Opening weekend is behind us and the numbers look good for Disney and Marvel’s fourth solo outing for Thor, “Thor: Love and Thunder.”
No other character has quite the shift of style and character as Thor. In 2011’s “Thor” Kenneth Branagh delivered a grounded Shakespearian inspired tale. The character of Thor was altered slightly from his comic series inspiration. Gone is the alter ego of Donald Blake and much of the colorful craziness of some of the earlier comics.
Chris Hemsworth was an unknown when cast as the title character and, with each outing as Thor, more of Hemsworth’s comedic chops began to be utilized. 2012’s “Avengers” was a massive hit and the following year would be Thor’s next solo film — 2013’s “Thor: The Dark World.” Although financially successful, the film’s unbalanced tone and, at times over the top use of the secondary characters, left many people scratching their heads. Then, in 2015, “Avengers: Age of Ultron” was released. This would end an era for Thor because, when he would return, it would be for the soft reboot in 2017’s “Thor: Ragnarock.”
Director Taika Waititi was chosen to helm that project and brought his flare to the film. This movie used color and fun with Hemsworth’s comedic dexterity on full blast. All of this while Thor faced the darkest chapter yet. Over the course of the picture Thor loses his mother, his father, his best friends, his home world, half of the Asgardian survivors then ultimately is unable to stop Thanos in 2018’s “Avengers: Infinity War.” 2019’s “Avengers: Endgame” showed us the psychology of a broken Thor as he became over weight and dealt with his grief. The film ends with Thor not leading New Asgard and going off into space with the Guardians of the Galaxy.
Waititi is back with an even more colorful adventure. Gone are the days of elaborate sets and on location shooting, now replaced with the same state of the art technology that the “Mandolorian” utilizes. The film has raised mixed reviews for its zaniness and humor. I’ll explore the different factions of this as Waititi has not found his balance of tone the way he did in “Ragnarok.”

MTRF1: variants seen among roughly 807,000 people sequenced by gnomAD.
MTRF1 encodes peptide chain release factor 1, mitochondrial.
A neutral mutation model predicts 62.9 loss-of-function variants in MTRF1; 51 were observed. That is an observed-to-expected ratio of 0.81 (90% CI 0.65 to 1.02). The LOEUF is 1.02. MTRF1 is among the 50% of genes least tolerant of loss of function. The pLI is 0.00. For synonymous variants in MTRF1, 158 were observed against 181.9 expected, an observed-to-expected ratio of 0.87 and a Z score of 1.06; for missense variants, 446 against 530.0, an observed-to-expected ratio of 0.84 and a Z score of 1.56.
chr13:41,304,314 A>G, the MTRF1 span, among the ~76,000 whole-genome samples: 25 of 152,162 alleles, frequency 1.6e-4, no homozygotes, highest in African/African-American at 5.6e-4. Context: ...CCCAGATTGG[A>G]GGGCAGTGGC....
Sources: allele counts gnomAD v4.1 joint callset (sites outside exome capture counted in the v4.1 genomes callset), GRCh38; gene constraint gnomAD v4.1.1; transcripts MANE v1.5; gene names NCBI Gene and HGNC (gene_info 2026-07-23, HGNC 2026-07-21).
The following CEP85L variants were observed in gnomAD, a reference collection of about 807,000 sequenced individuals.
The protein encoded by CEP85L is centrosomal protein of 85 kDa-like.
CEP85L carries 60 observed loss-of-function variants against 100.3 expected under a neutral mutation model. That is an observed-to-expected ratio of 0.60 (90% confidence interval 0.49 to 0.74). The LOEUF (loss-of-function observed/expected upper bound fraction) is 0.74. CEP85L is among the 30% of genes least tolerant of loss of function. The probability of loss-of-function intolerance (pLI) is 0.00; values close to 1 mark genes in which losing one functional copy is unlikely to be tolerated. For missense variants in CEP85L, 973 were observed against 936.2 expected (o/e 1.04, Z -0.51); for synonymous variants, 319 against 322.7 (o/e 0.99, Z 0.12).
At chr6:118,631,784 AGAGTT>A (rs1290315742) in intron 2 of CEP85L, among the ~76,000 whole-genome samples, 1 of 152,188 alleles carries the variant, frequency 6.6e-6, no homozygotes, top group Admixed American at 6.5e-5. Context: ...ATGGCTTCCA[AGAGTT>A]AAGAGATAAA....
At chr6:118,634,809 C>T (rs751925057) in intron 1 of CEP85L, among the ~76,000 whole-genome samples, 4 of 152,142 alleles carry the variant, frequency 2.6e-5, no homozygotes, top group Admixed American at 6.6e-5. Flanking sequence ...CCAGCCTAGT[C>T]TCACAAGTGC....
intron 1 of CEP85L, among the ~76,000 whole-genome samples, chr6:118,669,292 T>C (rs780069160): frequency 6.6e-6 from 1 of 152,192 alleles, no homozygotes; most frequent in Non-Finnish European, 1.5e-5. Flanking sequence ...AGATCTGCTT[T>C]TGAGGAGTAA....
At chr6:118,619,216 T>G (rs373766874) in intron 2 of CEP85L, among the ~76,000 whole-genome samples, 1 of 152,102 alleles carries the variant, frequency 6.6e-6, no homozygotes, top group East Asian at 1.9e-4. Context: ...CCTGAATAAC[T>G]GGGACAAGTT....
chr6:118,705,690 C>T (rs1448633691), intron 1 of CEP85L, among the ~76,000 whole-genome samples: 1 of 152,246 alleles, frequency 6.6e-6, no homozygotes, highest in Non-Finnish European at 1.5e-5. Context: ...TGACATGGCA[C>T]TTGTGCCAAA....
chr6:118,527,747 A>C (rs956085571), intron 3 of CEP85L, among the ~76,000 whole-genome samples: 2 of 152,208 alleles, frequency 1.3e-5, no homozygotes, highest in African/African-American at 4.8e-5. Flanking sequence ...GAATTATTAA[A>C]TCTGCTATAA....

“Love and Thunder” opens with a powerful prologue exploring the origin of our new villain, Christian Bale’s Gorr the God Butcher. We learn his daughter dies while he prays for deliverance from their god Rapu. His daughter dies and Gorr waits for death. Nearby the Necrosword calls to Gorr and he comes face to face with Rapu in a paradise. The god laughs at Gorr’s hardship. Gorr takes the sword killing the god and vowing to kill all gods. This is strong and compelling as Bale delivers an amazing performance. Bale’s emotion and powerful execution is on the positive side of the film. Gorr at times is scary. My kids both jumped and were freaked out at the scene of Gorr in a cage with the Asgardian children he abducted.
For Hemsworth, gone is Tom Hiddleston’s Loki whom to Thor is known to be dead. The two actors have such great chemistry and played off each other in each outing to outstanding character growth. We are first introduced in a montage of shorts that is narrated by Waititi’s Korg. The scene is odd because it shows these glimpses of Thor’s life as we are dropped into an adventure where he is with The Guardians of the Galaxy. What could have been a powerful moment with the team is a series of scenes that are too short that could have benefited from getting time to breathe. Thor and the Guardians are fighting on a planet to help as they have lost their gods and their temple needs protection. After a speech about feeling shitty by Chris Pratt’s Star Lord, an attempt to say it’s better to have loved and lost than never to have loved at all, Thor decides to go off on his own. Thor doesn’t know who he is anymore, so he embarks the journey to find himself. This theme is paid off slightly as the film progresses. At the end the film finds Thor with a new purpose and a new role.